Freelance Spain
The Sherry Biz

THE WINES OF SPAIN -THE FOOD OF SPAIN - MORE INSIGHTS ON SPAIN  

At one time, Sherry was a wine legend. But can it seduce today's drinker? By Mark Little

Different types of Sherry"When you drink a glass of Sherry, you’re not just drinking a wine, you’re drinking a bit of history," says Jesús Flores, President of the Spanish Sommeliers’ Association in Madrid. "Sherry is to taken slowly, enjoying it one slow sip at a time."

Yet Sherry is different things to different people. To the Andalusians of southern Spain, it is the crisp, chilled dry fino or manzanilla enjoyed at fiesta time. To most British and Americans, it is a sweet cream Sherry. To many connoisseurs, the true essence of Sherry is the golden amber color and rich aromas of a dry oloroso or an amontillado... Yes, there are many shades of Sherry, but one thing everybody agrees is that for it to be Sherry, it has to come from the area around Jerez de la Frontera in southern Spain. Here, the combination of Palomino grapes, abundant sunshine, damp sea breezes, chalky soil, and the unique criadera and solera method of blending different vintages has given rise to one of the world’s classiest wines.

Sherry is a naturally dry wine, but in the US as in England the most familiar sherries have traditionally been the creams and mediums, which are sweetened with grape must or sugar. In America, where the best-selling brand is Harvey’s Bristol Cream, sweet sherries account for around 75% of sales. That could be changing, however, with the emergence of a savvy new generation of American wine drinkers: young urbanites in the large metropolitan areas, where Sherry is becoming a fashionable drink. In general, they are going to the lighter, drier styles of Sherry: the finos and manzanillas.

THE RISE AND FALL OF SHERRY

Following the end of World War II, exports of Sherry climbed steadily, reaching 725,000 hectoliters (19 million gallons) by 1970. It seemed sales would go nowhere but up, such was the demand, especially in the traditional markets of the United Kingdom, Holland and Germany, and acreage and stocks were increased. In the record year of 1979, 1,660,108 hectoliters (44 million gallons) of Sherry were sold, 90 per cent of that for export. The emphasis was on producing quantity, but the temptation to cut corners was great and as a consequence the quality of the wine suffered. A good indication is that in 1979, just over 63 per cent of Sherry was being shipped in bulk (by contrast, today practically all exported Sherry is bottled).

Jerez became a victim of its own success. The eighties brought a reduced demand as drinkers in the traditional markets turned to "trendier" tipples, while the wineries were left sitting on excess stock which they were forced to sell at bargain prices.
Fortunately the wine makers started to trust their instincts less and to listen more carefully to their professional middle managers. In a long and painful process, the wineries streamlined their operation and thousands of workers were laid off. Vineyard acreage was reduced by half, from 18,000 hectares (45,000 acres) to the present 10,500 hectares (26,000 acres), and the amount of stock in the wineries cut back by half to just over half a million butts, each holding 132 gallons.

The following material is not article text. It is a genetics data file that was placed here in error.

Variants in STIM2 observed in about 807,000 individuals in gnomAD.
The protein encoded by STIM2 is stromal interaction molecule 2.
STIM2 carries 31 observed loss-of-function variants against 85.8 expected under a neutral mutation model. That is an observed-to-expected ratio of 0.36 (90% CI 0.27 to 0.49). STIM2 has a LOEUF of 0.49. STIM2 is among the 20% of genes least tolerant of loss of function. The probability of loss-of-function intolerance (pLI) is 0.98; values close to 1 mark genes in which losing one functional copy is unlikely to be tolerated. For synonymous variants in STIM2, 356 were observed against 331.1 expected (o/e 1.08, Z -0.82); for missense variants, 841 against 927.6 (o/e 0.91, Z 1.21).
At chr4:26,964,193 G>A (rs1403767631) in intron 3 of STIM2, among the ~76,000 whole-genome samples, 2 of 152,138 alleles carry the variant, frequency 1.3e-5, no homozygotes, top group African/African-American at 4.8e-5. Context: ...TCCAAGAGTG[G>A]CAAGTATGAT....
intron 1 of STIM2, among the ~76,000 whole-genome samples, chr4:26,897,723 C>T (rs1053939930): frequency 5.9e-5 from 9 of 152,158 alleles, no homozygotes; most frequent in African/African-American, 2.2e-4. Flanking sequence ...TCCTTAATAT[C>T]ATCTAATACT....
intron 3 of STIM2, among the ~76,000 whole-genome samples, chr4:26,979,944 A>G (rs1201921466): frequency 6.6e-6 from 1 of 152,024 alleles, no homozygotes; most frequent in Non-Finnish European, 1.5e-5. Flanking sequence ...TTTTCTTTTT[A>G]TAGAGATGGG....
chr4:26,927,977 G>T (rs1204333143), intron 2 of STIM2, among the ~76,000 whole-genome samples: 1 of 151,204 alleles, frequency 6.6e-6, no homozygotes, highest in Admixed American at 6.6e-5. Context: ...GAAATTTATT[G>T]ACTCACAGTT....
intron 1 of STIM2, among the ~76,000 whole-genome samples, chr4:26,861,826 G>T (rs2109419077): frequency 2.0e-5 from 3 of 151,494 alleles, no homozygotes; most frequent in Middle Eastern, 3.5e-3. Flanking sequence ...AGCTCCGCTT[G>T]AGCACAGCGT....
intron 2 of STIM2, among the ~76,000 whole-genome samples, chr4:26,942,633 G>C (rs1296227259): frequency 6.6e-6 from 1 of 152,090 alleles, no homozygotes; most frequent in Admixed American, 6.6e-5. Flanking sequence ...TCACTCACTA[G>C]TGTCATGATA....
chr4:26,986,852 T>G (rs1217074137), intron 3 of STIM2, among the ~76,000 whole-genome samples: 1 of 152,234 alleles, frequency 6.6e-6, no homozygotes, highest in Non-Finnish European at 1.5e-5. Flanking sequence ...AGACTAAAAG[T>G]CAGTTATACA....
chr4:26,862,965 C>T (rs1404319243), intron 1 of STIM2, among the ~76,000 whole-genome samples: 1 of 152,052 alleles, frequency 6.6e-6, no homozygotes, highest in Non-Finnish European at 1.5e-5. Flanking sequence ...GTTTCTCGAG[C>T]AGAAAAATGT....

Around this time, the big multinational drinks companies started to take an interest in Jerez. They were especially attracted by the potential of Jerez brandy on the world market. The most famous merger was that of Allied Lyons and Domecq, creating Allied Domecq. Some houses such as Osborne refused to sell, while in 1997 Gonzalez Byass bought back the 30 per cent share they’d sold to International Distiller Vintners in 1992, and is now 98 per cent family owned.

While brandy is the big cash generator Sherry is what gives the wineries their historical image, and their efforts are now directed towards promoting their quality Sherry brands.

"Premium" is the buzzword in Jerez these days. At the top of the range are the rare, very old sherries which have been aging in the cellars for decades, and also vintage sherries which, unlike most sherries, are made from a single year’s harvest. Some of these sherries fetch prices in the region of $150 a bottle. That is, if you can get hold of one, for production is limited in most cases to a thousand bottles or less. In the more affordable category, the premium finos, olorosos, and amontillados offer exceptional value for money. They are especially popular among the new generation of drinkers in America, who are seen as the big growth market of the moment.

The US is the forth largest export market for Sherry, but with 700,000 gallons it still lags behind the three top markets, the UK (6 million gallons), Holland (5.8 million gallons) and Germany (3 million gallons). Much of the problem has to do with overcoming Sherry’s old fashioned image. It’s more than a question of placing an ad in The Wine Spectator. The Sherry companies are embarking on ambitious marketing programs which rely heavily on hands-on, one-on-one contacts and tent-revival tactics, with demonstrations, lectures and wine tastings targeted at restaurateurs, specialist shops, wine writers, retailers and the consumers themselves.

Copyright © Mark Little. This is an extract from an article originally published by Wines from Spain News magazine.
Photograph by J D Dallet

See also: 
"El Priorato"
by Sarah Andrews
"Spanisk wine"
by Mark Little
"
The Secret of Sherry"
  by Mark Little

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